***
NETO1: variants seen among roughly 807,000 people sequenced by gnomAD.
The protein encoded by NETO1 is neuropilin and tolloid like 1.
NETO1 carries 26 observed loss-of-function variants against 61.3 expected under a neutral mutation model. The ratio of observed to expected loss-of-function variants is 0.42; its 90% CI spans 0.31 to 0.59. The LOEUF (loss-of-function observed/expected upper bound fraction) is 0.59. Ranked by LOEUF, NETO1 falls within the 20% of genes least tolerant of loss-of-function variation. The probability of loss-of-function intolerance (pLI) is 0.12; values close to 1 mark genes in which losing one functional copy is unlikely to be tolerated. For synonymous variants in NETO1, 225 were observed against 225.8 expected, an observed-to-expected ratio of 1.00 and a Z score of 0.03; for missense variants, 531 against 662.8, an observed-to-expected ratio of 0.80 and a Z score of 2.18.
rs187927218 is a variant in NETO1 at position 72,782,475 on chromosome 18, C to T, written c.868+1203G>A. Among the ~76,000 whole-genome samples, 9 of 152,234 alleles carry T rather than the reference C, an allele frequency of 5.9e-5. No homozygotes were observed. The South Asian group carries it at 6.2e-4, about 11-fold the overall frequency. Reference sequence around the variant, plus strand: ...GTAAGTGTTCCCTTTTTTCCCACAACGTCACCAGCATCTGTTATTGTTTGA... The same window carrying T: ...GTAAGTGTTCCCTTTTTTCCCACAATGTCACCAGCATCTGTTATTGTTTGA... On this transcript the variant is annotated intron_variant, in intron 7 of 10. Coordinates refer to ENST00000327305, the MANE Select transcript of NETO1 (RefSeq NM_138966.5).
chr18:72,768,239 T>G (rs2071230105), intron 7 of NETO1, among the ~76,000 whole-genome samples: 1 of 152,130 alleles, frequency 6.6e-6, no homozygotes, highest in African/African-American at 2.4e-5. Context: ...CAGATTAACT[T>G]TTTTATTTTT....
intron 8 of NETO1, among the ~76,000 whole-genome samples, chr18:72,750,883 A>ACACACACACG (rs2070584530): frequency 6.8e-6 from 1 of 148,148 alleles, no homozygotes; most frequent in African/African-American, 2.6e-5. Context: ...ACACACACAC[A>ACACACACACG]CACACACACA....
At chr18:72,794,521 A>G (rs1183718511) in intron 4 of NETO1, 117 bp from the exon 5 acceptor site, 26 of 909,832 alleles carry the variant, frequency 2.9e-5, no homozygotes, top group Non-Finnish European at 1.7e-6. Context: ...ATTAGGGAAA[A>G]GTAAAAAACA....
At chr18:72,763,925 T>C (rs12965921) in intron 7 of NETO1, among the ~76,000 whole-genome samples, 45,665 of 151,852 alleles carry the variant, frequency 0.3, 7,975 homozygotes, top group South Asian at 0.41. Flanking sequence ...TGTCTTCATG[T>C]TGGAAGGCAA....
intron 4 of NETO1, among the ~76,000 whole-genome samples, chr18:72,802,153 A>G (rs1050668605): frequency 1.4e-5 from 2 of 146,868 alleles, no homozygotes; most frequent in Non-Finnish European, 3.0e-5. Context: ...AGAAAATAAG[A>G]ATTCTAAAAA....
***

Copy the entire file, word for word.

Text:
NETO1: variants seen among roughly 807,000 people sequenced by gnomAD.
The protein encoded by NETO1 is neuropilin and tolloid like 1.
NETO1 carries 26 observed loss-of-function variants against 61.3 expected under a neutral mutation model. The ratio of observed to expected loss-of-function variants is 0.42; its 90% CI spans 0.31 to 0.59. The LOEUF (loss-of-function observed/expected upper bound fraction) is 0.59. Ranked by LOEUF, NETO1 falls within the 20% of genes least tolerant of loss-of-function variation. The probability of loss-of-function intolerance (pLI) is 0.12; values close to 1 mark genes in which losing one functional copy is unlikely to be tolerated. For synonymous variants in NETO1, 225 were observed against 225.8 expected, an observed-to-expected ratio of 1.00 and a Z score of 0.03; for missense variants, 531 against 662.8, an observed-to-expected ratio of 0.80 and a Z score of 2.18.
rs187927218 is a variant in NETO1 at position 72,782,475 on chromosome 18, C to T, written c.868+1203G>A. Among the ~76,000 whole-genome samples, 9 of 152,234 alleles carry T rather than the reference C, an allele frequency of 5.9e-5. No homozygotes were observed. The South Asian group carries it at 6.2e-4, about 11-fold the overall frequency. Reference sequence around the variant, plus strand: ...GTAAGTGTTCCCTTTTTTCCCACAACGTCACCAGCATCTGTTATTGTTTGA... The same window carrying T: ...GTAAGTGTTCCCTTTTTTCCCACAATGTCACCAGCATCTGTTATTGTTTGA... On this transcript the variant is annotated intron_variant, in intron 7 of 10. Coordinates refer to ENST00000327305, the MANE Select transcript of NETO1 (RefSeq NM_138966.5).
chr18:72,768,239 T>G (rs2071230105), intron 7 of NETO1, among the ~76,000 whole-genome samples: 1 of 152,130 alleles, frequency 6.6e-6, no homozygotes, highest in African/African-American at 2.4e-5. Context: ...CAGATTAACT[T>G]TTTTATTTTT....
intron 8 of NETO1, among the ~76,000 whole-genome samples, chr18:72,750,883 A>ACACACACACG (rs2070584530): frequency 6.8e-6 from 1 of 148,148 alleles, no homozygotes; most frequent in African/African-American, 2.6e-5. Context: ...ACACACACAC[A>ACACACACACG]CACACACACA....
At chr18:72,794,521 A>G (rs1183718511) in intron 4 of NETO1, 117 bp from the exon 5 acceptor site, 26 of 909,832 alleles carry the variant, frequency 2.9e-5, no homozygotes, top group Non-Finnish European at 1.7e-6. Context: ...ATTAGGGAAA[A>G]GTAAAAAACA....
At chr18:72,763,925 T>C (rs12965921) in intron 7 of NETO1, among the ~76,000 whole-genome samples, 45,665 of 151,852 alleles carry the variant, frequency 0.3, 7,975 homozygotes, top group South Asian at 0.41. Flanking sequence ...TGTCTTCATG[T>C]TGGAAGGCAA....
intron 4 of NETO1, among the ~76,000 whole-genome samples, chr18:72,802,153 A>G (rs1050668605): frequency 1.4e-5 from 2 of 146,868 alleles, no homozygotes; most frequent in Non-Finnish European, 3.0e-5. Context: ...AGAAAATAAG[A>G]ATTCTAAAAA....